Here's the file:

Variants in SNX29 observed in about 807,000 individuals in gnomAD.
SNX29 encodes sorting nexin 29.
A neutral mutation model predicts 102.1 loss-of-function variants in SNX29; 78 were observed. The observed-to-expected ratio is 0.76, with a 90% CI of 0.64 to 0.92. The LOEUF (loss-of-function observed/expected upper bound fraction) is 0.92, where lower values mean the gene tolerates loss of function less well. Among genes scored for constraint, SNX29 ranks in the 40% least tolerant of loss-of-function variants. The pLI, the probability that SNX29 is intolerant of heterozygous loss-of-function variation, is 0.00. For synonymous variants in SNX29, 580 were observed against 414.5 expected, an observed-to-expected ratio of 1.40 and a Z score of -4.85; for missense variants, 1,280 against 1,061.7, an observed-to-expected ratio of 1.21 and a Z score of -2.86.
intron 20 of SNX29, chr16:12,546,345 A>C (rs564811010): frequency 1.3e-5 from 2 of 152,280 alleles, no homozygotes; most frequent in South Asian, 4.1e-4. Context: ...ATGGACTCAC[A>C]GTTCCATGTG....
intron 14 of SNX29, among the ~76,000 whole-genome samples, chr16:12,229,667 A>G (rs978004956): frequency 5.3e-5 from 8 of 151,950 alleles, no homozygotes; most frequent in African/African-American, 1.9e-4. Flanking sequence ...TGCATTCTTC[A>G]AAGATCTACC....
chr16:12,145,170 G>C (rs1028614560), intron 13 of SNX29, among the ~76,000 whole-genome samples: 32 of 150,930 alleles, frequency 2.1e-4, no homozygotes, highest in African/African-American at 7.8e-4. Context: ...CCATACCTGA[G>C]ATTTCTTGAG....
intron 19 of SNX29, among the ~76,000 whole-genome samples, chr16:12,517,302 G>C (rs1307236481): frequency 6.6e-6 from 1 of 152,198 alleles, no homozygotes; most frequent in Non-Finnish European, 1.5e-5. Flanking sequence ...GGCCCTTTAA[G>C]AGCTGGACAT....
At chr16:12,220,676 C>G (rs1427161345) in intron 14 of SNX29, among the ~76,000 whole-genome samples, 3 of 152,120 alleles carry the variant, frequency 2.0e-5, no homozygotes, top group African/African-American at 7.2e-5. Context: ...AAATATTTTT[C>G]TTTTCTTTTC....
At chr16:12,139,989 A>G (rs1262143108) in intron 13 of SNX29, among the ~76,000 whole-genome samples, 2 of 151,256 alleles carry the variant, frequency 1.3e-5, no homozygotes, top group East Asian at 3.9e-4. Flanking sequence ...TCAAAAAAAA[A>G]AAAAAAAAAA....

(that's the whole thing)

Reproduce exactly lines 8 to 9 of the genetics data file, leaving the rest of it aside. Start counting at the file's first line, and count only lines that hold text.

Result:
At chr16:12,220,676 C>G (rs1427161345) in intron 14 of SNX29, among the ~76,000 whole-genome samples, 3 of 152,120 alleles carry the variant, frequency 2.0e-5, no homozygotes, top group African/African-American at 7.2e-5. Context: ...AAATATTTTT[C>G]TTTTCTTTTC....
At chr16:12,139,989 A>G (rs1262143108) in intron 13 of SNX29, among the ~76,000 whole-genome samples, 2 of 151,256 alleles carry the variant, frequency 1.3e-5, no homozygotes, top group East Asian at 3.9e-4. Flanking sequence ...TCAAAAAAAA[A>G]AAAAAAAAAA....